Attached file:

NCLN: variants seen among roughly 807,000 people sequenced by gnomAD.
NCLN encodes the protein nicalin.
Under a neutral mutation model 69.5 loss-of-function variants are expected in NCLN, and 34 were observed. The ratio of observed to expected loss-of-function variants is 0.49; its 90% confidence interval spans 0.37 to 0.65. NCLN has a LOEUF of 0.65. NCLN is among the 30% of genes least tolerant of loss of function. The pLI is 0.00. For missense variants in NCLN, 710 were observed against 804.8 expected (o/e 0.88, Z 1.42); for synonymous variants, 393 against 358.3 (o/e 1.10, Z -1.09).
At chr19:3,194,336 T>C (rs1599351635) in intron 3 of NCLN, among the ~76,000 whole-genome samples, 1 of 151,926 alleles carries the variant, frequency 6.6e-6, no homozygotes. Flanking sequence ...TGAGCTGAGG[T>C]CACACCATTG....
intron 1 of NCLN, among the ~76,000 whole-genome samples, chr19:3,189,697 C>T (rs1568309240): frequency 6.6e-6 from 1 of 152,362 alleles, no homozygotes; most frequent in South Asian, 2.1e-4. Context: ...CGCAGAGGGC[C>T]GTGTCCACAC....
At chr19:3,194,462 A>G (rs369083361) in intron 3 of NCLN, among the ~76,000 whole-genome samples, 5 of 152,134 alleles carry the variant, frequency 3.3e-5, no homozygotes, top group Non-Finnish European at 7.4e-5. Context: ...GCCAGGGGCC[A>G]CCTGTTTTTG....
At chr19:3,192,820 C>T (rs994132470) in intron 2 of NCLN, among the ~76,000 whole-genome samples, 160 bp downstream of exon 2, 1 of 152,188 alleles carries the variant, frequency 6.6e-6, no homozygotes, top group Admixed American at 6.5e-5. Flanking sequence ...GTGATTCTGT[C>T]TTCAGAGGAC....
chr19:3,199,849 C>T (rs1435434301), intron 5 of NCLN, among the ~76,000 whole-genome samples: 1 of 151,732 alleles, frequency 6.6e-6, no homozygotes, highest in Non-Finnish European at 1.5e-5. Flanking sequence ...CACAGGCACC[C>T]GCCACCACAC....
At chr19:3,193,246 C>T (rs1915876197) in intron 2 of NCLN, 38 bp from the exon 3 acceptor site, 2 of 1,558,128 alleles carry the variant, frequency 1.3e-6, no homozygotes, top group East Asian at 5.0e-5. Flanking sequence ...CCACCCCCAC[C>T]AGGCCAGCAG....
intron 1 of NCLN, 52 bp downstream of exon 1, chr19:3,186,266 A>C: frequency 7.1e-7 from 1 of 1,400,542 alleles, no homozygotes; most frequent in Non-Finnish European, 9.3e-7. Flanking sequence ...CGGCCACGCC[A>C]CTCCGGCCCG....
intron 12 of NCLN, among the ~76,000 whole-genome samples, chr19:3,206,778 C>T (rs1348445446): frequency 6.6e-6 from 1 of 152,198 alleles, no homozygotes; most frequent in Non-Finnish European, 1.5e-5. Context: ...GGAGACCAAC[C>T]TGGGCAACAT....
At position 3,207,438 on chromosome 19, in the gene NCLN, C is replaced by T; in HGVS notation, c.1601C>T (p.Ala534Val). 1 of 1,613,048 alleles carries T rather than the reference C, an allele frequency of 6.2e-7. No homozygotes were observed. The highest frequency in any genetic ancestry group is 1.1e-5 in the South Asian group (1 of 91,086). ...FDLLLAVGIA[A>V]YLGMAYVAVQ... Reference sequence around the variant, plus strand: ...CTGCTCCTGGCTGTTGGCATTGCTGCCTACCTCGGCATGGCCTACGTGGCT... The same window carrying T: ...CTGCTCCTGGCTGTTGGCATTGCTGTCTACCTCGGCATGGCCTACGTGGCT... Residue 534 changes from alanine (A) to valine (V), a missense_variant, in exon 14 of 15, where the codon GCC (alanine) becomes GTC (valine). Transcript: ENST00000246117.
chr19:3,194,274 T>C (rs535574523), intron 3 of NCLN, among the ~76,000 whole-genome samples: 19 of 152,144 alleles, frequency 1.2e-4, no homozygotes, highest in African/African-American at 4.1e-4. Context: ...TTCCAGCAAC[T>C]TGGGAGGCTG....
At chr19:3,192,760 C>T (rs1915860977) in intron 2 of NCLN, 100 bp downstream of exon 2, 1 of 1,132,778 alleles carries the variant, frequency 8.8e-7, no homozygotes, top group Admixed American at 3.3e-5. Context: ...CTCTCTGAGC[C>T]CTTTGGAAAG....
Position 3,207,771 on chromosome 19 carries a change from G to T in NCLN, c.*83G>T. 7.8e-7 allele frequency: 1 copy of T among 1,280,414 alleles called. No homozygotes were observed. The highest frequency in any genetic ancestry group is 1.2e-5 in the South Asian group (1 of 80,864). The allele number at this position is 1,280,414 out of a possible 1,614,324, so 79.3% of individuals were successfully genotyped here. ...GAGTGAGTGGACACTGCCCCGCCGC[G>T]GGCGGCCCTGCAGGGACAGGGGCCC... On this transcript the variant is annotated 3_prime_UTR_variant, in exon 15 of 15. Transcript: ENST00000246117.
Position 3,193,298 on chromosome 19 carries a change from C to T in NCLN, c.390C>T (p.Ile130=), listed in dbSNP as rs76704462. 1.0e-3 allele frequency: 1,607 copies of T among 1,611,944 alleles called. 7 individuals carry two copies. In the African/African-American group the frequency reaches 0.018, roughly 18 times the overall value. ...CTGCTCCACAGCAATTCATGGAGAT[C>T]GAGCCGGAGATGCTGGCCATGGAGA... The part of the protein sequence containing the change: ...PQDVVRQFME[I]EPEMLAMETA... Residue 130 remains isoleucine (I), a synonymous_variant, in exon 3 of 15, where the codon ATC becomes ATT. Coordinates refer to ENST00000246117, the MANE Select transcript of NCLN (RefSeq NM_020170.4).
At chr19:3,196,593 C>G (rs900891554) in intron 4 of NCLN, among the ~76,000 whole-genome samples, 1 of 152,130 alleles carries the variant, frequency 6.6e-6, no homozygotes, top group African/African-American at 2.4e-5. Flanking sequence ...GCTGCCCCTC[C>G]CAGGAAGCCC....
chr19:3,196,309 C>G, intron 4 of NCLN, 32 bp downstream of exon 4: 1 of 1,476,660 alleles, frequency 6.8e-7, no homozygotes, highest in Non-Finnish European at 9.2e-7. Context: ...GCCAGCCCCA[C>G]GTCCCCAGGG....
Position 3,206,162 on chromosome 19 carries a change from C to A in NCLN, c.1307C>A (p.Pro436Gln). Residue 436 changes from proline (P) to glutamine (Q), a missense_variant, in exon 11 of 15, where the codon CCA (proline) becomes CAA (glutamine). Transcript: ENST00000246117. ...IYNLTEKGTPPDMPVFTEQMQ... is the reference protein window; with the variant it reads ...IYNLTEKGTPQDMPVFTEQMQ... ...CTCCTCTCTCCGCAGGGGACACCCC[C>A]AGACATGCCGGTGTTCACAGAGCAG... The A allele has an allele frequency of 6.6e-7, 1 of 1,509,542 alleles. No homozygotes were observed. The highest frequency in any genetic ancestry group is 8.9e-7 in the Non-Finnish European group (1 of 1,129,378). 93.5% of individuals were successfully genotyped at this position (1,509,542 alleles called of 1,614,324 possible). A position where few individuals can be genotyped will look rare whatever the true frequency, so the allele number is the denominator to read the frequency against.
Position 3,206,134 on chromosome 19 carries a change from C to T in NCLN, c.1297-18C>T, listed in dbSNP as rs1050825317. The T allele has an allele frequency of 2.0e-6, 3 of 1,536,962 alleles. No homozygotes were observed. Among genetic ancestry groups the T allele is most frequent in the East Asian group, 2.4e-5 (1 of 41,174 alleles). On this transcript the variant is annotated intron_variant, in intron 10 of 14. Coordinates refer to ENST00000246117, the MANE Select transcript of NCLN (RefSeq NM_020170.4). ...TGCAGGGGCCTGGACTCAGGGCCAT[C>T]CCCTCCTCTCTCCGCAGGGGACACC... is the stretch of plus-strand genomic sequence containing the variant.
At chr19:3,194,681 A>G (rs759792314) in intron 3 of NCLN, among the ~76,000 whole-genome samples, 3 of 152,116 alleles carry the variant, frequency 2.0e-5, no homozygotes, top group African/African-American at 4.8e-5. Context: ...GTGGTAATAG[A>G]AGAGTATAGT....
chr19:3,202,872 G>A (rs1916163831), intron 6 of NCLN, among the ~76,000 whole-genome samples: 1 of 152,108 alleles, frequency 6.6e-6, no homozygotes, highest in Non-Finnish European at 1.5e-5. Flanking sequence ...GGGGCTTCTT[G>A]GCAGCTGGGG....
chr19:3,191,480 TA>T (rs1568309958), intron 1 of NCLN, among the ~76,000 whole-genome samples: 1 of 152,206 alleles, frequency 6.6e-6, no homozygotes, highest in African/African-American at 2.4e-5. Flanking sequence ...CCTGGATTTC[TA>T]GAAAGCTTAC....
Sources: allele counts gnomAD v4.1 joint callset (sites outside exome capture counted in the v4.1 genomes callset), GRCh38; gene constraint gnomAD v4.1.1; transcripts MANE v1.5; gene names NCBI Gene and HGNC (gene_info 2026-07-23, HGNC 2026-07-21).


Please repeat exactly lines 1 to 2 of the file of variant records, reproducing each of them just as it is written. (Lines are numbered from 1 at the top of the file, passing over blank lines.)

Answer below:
NCLN: variants seen among roughly 807,000 people sequenced by gnomAD.
NCLN encodes the protein nicalin.